Based on Science

All babies should get a vitamin K shot.


ChildHealth2

Claim:
Babies should receive a vitamin K shot at birth.
True.
Giving babies a vitamin K shot at birth prevents dangerous bleeding problems. Without the shot, all babies are at risk for a life-threatening condition known as vitamin K deficiency bleeding.

Vitamin K deficiency bleeding is a serious problem.
Most babies are born without enough vitamin K, a vitamin that helps blood clot. This means that if they start bleeding, they might lose too much blood before the bleeding stops.

Bleeding can happen suddenly, and it can happen anywhere in the body. About one out of every five babies with this condition dies. If the bleeding happens in the brain, it can cause permanent brain damage or death. It can also happen in the stomach or elsewhere in the body, often without any warning signs.

The risk of bleeding is highest in the first few days of life, but it can happen anytime until your baby is six months old. Vitamin K deficiency bleeding is rare in the U.S. because most babies get the vitamin K shot at birth as recommended. The condition is more common in places where the shot is not used.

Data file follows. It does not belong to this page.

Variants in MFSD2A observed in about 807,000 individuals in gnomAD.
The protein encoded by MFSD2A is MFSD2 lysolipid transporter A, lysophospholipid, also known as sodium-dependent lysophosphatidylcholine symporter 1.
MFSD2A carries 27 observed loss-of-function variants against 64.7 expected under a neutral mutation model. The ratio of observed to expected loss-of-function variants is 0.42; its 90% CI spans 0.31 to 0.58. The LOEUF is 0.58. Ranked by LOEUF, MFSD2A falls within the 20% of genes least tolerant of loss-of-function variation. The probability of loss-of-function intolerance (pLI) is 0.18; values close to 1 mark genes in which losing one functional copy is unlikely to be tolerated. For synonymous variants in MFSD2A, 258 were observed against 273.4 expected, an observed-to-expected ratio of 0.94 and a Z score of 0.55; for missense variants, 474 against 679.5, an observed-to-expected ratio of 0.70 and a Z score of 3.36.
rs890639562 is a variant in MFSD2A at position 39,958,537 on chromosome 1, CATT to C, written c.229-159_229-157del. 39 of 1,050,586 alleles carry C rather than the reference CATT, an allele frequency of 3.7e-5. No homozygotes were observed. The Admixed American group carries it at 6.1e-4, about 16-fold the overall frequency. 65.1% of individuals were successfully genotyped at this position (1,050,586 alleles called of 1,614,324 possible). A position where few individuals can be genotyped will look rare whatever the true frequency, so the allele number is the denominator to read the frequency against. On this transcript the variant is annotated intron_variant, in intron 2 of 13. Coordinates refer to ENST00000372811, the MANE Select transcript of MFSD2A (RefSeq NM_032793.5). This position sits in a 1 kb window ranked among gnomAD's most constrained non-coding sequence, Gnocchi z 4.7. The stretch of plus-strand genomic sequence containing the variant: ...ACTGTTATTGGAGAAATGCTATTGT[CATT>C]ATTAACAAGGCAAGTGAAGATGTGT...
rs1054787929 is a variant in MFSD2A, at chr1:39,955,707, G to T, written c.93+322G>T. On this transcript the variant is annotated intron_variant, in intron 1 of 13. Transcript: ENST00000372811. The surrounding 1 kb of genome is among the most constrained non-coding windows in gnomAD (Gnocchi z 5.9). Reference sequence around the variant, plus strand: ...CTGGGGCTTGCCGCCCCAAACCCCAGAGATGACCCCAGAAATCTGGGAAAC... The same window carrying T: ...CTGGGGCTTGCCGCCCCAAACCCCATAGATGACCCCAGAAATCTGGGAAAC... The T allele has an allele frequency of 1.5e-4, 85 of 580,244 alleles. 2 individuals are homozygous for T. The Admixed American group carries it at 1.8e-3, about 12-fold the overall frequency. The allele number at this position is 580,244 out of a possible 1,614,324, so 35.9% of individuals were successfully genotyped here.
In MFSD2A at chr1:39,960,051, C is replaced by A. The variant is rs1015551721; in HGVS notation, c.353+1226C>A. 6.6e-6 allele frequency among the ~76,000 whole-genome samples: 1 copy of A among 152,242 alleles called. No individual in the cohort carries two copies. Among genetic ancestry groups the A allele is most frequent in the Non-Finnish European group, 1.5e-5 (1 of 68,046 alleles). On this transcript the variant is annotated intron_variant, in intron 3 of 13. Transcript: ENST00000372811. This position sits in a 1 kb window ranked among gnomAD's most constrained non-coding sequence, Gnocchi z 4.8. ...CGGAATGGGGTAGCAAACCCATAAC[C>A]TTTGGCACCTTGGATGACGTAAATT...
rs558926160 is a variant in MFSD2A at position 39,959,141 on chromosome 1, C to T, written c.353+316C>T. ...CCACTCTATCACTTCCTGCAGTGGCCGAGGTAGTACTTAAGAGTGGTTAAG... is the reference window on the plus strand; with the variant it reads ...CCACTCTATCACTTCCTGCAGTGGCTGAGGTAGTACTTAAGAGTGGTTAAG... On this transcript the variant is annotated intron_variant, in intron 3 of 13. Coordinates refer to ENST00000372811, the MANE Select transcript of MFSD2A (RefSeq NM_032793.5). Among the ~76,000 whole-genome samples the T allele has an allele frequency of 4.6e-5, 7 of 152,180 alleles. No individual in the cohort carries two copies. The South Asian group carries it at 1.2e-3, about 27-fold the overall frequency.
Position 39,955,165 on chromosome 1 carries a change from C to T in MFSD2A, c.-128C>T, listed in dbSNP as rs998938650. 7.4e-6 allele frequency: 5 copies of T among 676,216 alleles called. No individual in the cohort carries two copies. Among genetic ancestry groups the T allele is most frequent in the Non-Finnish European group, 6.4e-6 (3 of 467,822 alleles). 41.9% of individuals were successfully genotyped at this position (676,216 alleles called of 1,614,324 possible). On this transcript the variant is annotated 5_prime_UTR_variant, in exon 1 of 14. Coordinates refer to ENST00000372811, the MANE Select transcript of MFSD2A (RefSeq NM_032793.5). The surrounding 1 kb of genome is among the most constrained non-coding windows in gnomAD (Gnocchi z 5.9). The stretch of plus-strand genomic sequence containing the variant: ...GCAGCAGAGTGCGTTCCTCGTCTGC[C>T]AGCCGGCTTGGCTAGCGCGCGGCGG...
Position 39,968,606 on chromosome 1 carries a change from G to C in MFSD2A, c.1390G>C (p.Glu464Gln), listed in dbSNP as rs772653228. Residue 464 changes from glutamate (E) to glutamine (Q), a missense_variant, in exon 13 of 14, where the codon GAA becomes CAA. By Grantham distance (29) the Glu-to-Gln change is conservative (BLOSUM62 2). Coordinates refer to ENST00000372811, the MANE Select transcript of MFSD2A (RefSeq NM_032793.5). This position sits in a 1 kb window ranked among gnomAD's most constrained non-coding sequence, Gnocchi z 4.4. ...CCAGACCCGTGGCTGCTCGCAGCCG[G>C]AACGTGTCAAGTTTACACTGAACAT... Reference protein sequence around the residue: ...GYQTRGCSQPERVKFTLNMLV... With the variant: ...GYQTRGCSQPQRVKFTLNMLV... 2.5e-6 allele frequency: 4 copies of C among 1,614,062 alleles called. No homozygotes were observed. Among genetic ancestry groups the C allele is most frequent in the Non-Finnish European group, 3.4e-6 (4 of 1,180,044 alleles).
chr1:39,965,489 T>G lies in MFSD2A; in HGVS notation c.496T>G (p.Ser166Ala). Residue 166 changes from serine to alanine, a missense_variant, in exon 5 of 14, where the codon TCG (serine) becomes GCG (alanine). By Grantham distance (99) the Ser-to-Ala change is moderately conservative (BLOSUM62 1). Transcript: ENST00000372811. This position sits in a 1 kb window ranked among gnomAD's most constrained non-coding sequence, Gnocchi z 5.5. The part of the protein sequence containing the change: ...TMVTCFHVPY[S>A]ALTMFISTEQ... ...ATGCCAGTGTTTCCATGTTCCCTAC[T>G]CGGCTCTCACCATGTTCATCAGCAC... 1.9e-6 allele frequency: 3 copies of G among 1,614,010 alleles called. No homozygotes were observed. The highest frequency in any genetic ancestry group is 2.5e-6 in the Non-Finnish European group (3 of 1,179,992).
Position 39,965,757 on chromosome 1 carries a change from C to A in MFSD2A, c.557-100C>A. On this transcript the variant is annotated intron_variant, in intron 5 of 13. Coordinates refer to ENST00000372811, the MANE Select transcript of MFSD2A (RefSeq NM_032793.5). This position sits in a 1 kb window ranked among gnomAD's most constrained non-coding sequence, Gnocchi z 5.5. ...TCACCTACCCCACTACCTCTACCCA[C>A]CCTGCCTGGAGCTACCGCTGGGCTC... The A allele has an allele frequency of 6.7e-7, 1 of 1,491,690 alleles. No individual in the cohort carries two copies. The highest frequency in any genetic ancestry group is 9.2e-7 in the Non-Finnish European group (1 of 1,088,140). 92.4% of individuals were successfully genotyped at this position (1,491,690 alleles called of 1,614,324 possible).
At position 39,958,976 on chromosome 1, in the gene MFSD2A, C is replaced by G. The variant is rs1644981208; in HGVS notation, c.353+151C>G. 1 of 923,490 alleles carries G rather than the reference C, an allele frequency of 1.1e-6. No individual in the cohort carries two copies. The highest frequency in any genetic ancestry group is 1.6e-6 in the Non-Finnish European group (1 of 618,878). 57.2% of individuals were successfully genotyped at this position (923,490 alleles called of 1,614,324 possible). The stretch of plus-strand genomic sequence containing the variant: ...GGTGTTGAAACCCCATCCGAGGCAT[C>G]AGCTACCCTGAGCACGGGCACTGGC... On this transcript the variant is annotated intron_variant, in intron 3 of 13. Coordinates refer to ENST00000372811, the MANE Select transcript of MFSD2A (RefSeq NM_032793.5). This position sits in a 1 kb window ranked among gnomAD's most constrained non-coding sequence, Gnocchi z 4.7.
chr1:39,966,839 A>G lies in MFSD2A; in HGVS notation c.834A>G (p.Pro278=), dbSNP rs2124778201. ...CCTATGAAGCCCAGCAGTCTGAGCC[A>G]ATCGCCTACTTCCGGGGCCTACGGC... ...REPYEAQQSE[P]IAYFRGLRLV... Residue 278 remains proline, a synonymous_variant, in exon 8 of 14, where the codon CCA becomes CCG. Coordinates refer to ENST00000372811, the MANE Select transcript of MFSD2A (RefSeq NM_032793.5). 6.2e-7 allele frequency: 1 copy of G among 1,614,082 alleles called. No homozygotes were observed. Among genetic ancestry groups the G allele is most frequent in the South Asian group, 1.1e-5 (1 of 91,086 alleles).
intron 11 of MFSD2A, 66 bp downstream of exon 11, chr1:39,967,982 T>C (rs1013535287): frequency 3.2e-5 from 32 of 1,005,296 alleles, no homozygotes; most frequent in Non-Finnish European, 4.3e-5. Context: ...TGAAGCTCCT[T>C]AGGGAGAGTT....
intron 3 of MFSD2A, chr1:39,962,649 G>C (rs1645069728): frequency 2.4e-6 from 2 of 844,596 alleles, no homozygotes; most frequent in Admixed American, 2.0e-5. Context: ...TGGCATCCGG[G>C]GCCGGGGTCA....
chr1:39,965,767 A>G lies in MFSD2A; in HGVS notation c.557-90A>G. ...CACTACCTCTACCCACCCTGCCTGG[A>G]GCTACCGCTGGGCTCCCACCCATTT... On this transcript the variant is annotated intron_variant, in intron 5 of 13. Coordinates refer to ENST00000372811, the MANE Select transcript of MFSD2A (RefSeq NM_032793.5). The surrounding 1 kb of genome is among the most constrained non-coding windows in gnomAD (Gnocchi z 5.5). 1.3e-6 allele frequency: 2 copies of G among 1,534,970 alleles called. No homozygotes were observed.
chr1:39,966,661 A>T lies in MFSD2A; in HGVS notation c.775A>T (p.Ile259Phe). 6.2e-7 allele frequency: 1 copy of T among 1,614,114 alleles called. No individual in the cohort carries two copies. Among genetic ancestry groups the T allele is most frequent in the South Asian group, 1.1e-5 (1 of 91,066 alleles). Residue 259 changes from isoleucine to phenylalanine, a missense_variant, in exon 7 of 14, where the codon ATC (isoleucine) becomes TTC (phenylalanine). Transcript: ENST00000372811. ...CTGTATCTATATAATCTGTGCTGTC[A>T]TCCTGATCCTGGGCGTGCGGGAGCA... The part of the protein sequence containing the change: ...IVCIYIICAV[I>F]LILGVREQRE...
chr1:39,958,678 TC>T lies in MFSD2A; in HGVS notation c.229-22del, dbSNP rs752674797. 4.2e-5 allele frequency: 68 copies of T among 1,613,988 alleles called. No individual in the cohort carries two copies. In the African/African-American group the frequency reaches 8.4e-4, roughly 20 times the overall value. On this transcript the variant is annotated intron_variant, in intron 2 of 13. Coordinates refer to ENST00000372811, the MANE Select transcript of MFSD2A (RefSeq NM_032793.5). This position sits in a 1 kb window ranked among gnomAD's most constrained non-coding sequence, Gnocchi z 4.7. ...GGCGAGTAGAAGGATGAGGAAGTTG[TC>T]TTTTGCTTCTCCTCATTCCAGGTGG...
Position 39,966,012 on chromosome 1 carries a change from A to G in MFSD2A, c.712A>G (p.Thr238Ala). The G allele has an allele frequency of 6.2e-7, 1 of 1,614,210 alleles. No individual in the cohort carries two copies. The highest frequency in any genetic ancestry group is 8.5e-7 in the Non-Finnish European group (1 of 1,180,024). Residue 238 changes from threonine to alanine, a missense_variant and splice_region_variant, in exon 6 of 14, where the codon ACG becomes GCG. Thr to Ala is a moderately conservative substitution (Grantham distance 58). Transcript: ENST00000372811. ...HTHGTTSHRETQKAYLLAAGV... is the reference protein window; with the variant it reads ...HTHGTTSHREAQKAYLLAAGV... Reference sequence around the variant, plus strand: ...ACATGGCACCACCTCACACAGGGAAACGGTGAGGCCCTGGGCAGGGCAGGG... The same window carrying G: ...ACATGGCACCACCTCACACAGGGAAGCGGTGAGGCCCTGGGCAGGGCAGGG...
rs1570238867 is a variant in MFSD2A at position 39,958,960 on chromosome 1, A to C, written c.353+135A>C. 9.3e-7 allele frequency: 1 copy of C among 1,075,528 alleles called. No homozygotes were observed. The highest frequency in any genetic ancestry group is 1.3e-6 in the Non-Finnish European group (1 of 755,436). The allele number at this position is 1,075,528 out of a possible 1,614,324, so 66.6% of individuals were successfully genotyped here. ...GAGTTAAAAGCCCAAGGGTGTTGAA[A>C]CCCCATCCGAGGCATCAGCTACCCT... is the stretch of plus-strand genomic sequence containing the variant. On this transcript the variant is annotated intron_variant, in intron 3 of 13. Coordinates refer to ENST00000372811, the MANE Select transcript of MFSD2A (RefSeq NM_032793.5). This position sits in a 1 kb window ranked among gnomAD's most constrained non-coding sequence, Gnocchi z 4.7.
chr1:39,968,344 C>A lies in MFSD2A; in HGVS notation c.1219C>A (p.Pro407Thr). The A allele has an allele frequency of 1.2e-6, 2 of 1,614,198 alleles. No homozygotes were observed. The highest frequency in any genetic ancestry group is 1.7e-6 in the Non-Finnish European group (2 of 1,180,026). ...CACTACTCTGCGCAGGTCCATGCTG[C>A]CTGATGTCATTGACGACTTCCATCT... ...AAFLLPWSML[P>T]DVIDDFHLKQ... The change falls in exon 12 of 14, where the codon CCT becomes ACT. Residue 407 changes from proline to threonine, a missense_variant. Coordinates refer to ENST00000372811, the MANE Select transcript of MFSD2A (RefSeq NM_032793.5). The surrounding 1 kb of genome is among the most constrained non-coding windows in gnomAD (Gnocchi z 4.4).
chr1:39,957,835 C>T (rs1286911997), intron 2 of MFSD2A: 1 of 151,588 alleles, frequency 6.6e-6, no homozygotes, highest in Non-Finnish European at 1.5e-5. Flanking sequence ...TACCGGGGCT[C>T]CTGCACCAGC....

The vitamin K shot is recommended for all infants.
The CDC, World Health Organization and many other health organizations recommend giving all babies a vitamin K shot within several hours of birth.

The vitamin K shot is the best way to avoid vitamin K deficiency bleeding. Some of the vitamin K will go into your baby’s blood. The rest will be stored in the liver and release slowly over the first few months of life. Your baby will be protected until he or she starts getting vitamin K from eating food.

Breastmilk does not provide enough vitamin K to prevent vitamin K deficiency bleeding. Vitamin K given orally or in other forms is not as effective as the vitamin K shot.

The vitamin K shot is safe for babies.
Other than some soreness at the site of the injection, there are no known side effects of the vitamin K shot or any of its ingredients.